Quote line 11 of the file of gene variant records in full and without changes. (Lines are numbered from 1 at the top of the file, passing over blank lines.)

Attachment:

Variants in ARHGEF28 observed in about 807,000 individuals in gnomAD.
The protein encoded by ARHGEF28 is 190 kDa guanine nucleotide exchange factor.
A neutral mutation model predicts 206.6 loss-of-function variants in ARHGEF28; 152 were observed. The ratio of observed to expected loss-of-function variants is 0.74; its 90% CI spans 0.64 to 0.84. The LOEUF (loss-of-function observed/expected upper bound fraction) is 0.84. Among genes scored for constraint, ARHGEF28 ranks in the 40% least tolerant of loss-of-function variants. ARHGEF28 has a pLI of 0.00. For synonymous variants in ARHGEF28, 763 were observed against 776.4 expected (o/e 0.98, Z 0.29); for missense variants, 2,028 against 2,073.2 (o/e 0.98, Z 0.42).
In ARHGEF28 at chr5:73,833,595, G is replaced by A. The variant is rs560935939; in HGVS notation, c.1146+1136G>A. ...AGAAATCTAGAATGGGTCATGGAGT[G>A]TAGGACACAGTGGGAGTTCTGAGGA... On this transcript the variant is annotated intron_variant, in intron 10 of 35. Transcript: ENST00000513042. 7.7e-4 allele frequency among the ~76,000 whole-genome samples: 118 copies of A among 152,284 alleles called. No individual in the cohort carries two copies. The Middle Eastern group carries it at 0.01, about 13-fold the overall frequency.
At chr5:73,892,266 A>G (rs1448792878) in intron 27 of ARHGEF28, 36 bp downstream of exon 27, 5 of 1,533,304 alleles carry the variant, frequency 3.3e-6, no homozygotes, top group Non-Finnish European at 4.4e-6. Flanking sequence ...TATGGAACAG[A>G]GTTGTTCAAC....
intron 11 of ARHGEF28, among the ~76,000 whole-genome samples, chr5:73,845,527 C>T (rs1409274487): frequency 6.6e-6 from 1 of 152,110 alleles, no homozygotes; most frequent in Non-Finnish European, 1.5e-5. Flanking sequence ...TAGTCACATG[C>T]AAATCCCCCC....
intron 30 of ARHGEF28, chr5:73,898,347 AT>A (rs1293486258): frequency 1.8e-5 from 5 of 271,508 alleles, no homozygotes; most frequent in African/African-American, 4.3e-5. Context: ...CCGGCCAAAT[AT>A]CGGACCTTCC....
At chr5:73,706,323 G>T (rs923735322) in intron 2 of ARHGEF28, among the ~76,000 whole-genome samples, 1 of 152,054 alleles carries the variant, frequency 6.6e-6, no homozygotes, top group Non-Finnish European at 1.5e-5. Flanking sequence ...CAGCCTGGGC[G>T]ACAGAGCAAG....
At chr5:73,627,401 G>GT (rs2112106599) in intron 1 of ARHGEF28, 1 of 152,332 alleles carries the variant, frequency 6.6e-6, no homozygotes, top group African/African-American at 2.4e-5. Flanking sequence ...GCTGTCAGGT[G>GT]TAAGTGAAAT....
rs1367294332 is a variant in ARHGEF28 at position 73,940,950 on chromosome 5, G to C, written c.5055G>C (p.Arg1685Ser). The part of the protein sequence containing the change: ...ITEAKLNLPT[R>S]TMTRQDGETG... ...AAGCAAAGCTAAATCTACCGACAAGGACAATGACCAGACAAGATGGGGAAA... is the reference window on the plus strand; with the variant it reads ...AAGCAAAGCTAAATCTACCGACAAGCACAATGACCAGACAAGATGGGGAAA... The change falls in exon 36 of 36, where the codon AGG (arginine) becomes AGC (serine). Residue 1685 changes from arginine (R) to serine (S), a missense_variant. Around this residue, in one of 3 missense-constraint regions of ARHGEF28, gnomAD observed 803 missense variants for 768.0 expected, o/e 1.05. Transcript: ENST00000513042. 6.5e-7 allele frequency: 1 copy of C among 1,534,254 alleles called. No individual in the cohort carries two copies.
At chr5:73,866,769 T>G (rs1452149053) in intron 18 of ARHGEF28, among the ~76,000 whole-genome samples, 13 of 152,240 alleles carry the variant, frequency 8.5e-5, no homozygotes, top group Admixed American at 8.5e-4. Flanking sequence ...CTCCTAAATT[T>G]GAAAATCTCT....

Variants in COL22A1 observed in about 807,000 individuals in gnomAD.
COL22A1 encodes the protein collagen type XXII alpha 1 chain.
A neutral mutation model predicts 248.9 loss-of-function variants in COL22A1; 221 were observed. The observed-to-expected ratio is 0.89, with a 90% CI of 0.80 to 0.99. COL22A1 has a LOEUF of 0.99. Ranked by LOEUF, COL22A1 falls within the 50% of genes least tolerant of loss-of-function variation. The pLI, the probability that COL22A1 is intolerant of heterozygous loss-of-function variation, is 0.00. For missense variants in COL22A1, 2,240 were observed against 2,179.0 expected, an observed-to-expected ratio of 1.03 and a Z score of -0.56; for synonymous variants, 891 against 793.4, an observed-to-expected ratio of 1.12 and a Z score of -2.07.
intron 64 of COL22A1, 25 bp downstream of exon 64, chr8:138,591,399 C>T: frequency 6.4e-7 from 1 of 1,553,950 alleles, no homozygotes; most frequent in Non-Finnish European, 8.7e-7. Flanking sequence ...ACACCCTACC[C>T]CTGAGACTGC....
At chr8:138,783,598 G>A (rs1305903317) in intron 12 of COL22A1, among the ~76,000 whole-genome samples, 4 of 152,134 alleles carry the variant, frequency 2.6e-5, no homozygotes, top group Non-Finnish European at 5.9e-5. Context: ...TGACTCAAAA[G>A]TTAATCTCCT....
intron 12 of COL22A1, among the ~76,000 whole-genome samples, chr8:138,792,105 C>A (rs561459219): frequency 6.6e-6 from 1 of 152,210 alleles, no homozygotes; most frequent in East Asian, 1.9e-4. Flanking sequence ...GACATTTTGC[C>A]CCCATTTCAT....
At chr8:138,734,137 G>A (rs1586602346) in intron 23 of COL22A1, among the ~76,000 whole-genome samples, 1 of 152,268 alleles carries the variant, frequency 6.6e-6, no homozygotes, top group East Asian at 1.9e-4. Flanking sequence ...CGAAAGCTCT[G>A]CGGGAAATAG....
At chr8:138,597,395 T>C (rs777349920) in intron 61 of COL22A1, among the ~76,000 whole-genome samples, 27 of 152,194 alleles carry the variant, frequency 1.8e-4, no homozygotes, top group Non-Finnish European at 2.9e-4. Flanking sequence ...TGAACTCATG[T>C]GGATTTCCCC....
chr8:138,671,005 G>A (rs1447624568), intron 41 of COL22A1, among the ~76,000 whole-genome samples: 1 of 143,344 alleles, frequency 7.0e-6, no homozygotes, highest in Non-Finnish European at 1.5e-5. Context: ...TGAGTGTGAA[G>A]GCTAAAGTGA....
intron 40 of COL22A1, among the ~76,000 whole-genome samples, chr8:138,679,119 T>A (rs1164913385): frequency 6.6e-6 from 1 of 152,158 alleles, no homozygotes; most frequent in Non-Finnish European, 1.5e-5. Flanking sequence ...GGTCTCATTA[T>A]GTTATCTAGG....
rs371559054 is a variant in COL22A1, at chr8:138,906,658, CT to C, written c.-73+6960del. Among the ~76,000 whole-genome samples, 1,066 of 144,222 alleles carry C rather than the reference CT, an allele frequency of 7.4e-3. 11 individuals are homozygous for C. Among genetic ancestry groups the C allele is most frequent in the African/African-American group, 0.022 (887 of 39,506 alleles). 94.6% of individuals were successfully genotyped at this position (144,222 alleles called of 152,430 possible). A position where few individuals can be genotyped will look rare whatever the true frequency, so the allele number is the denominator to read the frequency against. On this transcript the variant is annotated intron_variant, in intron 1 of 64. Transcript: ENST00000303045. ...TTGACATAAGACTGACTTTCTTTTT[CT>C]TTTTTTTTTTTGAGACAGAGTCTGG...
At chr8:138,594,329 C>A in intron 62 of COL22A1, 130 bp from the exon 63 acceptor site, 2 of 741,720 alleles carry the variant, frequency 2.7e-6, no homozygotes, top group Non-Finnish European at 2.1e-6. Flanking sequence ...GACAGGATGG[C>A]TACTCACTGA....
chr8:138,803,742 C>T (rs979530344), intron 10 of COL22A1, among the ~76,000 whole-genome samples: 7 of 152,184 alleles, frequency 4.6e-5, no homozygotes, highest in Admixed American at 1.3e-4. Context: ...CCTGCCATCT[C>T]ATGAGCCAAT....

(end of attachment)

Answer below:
At chr5:73,866,769 T>G (rs1452149053) in intron 18 of ARHGEF28, among the ~76,000 whole-genome samples, 13 of 152,240 alleles carry the variant, frequency 8.5e-5, no homozygotes, top group Admixed American at 8.5e-4. Flanking sequence ...CTCCTAAATT[T>G]GAAAATCTCT....